Rise of the Planet of the Apes is very much a moral fable, a warning against genetic tampering and, yes, a rather wonderfully told human drama story weaving together Will with the people and creatures in his life. The fact that this film is so beautifully constructed is both evidence of the advancement of technology and evidence of director Rupert Wyatt's ability to blend together technology with humanity nearly seamlessly. Of course, it doesn't hurt that Wyatt has Andy Serkis as the human behind the creature. Serkis, who created such a marvelous Gollum in the Lord of the Rings films that there were many who thought he was worthy of an Oscar nomination, has absolutely become Hollywood's master of performance capture acting. While it may not seem, while looking at the computer generated apes, there is any real acting going on ... rest assured, without Serkis behind this performance these apes wouldn't have come nearly as vividly to life.
After one abysmal comedy and a disappointing experience hosting the Oscars, Franco is back on incredibly solid ground as the incredibly kind and intelligent yet driven Will. Franco, whose first feature film directing experience was actually with a movie called The Ape, is perfectly cast here and gives the film much of its emotional resonance and force. John Lithgow is strong as Will's increasingly decompensating father. While Freida Pinto isn't really called upon to do that much, her presence here complements Franco's quite nicely and makes for one of Franco's few convincing on-screen couplings. Both Brian Cox and Tom Felton are uncomfortably convincing as the brutal "masters" who essentially trigger the simian revolution.
While the human performances convince, it is Peter Jackson's Oscar-winning Weta Digital that really advances the film technologically and helps to weave together the film's humanity and wondrous digital effects. There are scenes in Rise of the Planet of the Apes that are awe-inspiring, yet they are scenes that I dare not reveal here so that you can appreciate them in all their unexpected glory and wonder. Suffice it to say that these are scenes that will leave you breathless and, equally owing to the marvelous writing of husband-wife team Rick Jaffa and Amanda Silver, Rise of the Planet of the Apes may be the first action film in quite some time where you're not actually rooting for the humans to triumph in the end.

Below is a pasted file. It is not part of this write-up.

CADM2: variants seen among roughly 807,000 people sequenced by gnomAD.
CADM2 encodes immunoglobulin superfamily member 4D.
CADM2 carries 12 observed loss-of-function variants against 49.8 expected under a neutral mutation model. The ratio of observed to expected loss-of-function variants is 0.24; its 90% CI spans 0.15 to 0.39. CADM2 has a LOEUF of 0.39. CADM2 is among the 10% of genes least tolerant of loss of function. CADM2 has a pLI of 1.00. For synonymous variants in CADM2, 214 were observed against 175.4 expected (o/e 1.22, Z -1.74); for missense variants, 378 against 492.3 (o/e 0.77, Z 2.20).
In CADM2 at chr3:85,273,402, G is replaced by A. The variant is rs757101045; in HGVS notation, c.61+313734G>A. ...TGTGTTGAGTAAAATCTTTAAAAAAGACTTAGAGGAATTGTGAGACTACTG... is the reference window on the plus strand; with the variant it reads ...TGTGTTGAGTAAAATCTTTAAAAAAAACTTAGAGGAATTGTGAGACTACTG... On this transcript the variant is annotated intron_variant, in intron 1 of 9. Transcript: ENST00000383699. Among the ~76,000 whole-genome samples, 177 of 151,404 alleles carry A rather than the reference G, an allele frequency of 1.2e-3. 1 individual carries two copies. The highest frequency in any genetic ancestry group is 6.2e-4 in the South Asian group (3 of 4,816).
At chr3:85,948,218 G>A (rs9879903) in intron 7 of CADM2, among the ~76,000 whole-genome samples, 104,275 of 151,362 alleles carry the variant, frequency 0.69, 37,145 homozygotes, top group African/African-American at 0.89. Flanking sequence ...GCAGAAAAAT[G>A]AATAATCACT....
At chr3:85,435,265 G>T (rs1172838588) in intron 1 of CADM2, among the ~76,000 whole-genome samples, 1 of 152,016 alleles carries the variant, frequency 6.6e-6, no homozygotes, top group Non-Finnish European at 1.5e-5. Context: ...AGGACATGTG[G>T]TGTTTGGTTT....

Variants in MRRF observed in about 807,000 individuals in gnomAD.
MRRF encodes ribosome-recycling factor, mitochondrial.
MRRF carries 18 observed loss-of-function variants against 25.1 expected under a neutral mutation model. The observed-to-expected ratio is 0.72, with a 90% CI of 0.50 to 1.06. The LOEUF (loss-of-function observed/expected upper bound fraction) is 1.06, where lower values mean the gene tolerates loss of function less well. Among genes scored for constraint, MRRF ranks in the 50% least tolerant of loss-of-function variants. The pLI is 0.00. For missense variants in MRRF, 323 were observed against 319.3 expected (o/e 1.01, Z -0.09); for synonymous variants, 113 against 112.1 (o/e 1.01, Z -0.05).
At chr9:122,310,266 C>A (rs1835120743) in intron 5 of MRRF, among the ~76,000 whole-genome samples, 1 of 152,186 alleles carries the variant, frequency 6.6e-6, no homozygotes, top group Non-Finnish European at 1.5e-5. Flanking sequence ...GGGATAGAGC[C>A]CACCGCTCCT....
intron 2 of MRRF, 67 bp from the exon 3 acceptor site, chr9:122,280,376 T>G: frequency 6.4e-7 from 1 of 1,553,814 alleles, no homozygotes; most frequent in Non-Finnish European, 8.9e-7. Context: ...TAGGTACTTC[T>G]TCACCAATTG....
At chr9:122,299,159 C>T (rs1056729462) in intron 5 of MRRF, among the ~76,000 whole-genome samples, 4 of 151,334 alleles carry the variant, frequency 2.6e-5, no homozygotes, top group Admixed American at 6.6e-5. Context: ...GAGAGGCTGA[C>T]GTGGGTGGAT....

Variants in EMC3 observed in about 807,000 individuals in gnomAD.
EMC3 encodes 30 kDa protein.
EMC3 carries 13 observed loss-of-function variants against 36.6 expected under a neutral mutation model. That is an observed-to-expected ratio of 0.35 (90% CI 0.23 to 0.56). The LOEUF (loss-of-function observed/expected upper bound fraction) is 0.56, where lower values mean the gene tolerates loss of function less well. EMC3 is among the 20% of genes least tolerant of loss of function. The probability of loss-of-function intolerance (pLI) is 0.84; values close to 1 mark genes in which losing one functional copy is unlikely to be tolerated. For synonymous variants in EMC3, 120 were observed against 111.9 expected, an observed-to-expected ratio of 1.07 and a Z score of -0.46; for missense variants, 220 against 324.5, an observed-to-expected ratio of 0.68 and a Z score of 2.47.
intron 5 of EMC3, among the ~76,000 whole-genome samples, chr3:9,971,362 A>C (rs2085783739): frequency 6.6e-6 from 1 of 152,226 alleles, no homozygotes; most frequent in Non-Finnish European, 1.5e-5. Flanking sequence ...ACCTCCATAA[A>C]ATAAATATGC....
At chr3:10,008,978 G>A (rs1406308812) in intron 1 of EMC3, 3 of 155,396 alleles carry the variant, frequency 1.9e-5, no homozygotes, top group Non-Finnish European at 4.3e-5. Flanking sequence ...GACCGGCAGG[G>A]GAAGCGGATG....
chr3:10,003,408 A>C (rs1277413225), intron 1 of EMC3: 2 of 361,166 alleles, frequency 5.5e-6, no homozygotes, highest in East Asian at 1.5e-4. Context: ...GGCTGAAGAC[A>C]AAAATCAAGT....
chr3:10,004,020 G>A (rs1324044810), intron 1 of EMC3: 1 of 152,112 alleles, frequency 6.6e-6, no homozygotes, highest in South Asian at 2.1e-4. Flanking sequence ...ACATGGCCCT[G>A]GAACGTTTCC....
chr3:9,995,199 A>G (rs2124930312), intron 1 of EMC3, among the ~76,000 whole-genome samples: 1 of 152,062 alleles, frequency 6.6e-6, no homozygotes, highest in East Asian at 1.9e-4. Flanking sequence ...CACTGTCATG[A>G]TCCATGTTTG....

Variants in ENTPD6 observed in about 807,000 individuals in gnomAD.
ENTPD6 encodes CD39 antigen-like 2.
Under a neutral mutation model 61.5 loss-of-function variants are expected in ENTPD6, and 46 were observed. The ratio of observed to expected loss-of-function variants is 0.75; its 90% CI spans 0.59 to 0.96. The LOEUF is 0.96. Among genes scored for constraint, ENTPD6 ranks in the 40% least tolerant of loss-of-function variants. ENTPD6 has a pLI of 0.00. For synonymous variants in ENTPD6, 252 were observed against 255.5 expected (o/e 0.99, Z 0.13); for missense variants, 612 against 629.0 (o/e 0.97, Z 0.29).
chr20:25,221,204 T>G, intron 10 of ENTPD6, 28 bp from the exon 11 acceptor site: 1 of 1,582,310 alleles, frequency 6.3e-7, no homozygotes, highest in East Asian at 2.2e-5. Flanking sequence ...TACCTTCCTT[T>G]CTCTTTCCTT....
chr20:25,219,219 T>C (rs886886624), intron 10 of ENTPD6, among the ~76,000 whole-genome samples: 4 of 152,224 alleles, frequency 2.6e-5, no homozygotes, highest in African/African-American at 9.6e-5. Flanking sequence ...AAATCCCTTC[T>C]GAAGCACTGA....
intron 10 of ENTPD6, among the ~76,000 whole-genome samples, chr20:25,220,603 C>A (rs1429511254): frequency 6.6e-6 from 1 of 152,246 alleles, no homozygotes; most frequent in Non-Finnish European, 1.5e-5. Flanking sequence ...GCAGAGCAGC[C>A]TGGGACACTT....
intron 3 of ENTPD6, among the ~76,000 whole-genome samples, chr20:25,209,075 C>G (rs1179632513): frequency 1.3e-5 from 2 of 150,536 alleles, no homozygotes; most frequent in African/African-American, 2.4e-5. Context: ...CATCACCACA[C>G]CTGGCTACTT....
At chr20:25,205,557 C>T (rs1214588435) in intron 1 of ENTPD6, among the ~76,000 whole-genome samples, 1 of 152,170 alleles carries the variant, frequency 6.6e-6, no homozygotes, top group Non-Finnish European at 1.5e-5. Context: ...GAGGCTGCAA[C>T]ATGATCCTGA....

As much as I enjoyed Rise of the Planet of the Apes, it is not a flawless film. While I appreciated their story, the characters in the film are often painted in broad, caricature type strokes and there are times when the morality fable aspect of the film gets a wee bit too cartoonish. Yet, Rise of the Planet of the Apes is unquestionably one of the summer's most satisfying and purely entertaining action flicks with winning performances and the most convincing CGI of the season. Even if the film occasionally steps over the B-movie line, it does so with relentless energy and spirit that will keep you enjoying it even when it doesn't really make sense. You may not remember Rise of the Planet of the Apes for long after exiting the theater, but while your scrunched down in your seat munching on your popcorn you'll be having yourself a grand ole' time.
© Written by Richard Propes
The Independent Critic
An Independent Voice for the Reel World
The Independent Critic
All Material Copyright 2007-2011
Richard Propes and Heart n' Sole Foundation